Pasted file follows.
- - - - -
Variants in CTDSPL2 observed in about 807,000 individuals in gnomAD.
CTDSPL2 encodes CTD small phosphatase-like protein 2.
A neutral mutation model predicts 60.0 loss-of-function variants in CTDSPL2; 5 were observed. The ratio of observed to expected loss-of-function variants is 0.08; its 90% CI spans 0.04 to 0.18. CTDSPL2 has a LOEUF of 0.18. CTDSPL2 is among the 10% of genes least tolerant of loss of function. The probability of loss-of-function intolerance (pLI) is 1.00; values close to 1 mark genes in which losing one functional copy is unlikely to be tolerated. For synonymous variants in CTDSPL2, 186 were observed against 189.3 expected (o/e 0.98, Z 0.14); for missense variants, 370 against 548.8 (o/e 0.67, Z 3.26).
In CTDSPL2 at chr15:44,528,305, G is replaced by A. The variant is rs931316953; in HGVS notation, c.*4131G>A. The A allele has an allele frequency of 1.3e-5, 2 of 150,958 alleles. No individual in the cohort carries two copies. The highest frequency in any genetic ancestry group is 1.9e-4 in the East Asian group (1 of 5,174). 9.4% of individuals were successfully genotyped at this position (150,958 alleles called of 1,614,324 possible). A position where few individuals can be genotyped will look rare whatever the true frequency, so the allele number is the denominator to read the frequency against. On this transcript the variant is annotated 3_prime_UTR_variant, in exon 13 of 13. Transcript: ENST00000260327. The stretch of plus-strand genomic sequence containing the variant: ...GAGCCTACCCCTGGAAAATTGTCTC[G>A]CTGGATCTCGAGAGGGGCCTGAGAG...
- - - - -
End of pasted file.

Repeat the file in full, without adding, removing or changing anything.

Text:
Variants in CTDSPL2 observed in about 807,000 individuals in gnomAD.
CTDSPL2 encodes CTD small phosphatase-like protein 2.
A neutral mutation model predicts 60.0 loss-of-function variants in CTDSPL2; 5 were observed. The ratio of observed to expected loss-of-function variants is 0.08; its 90% CI spans 0.04 to 0.18. CTDSPL2 has a LOEUF of 0.18. CTDSPL2 is among the 10% of genes least tolerant of loss of function. The probability of loss-of-function intolerance (pLI) is 1.00; values close to 1 mark genes in which losing one functional copy is unlikely to be tolerated. For synonymous variants in CTDSPL2, 186 were observed against 189.3 expected (o/e 0.98, Z 0.14); for missense variants, 370 against 548.8 (o/e 0.67, Z 3.26).
In CTDSPL2 at chr15:44,528,305, G is replaced by A. The variant is rs931316953; in HGVS notation, c.*4131G>A. The A allele has an allele frequency of 1.3e-5, 2 of 150,958 alleles. No individual in the cohort carries two copies. The highest frequency in any genetic ancestry group is 1.9e-4 in the East Asian group (1 of 5,174). 9.4% of individuals were successfully genotyped at this position (150,958 alleles called of 1,614,324 possible). A position where few individuals can be genotyped will look rare whatever the true frequency, so the allele number is the denominator to read the frequency against. On this transcript the variant is annotated 3_prime_UTR_variant, in exon 13 of 13. Transcript: ENST00000260327. The stretch of plus-strand genomic sequence containing the variant: ...GAGCCTACCCCTGGAAAATTGTCTC[G>A]CTGGATCTCGAGAGGGGCCTGAGAG...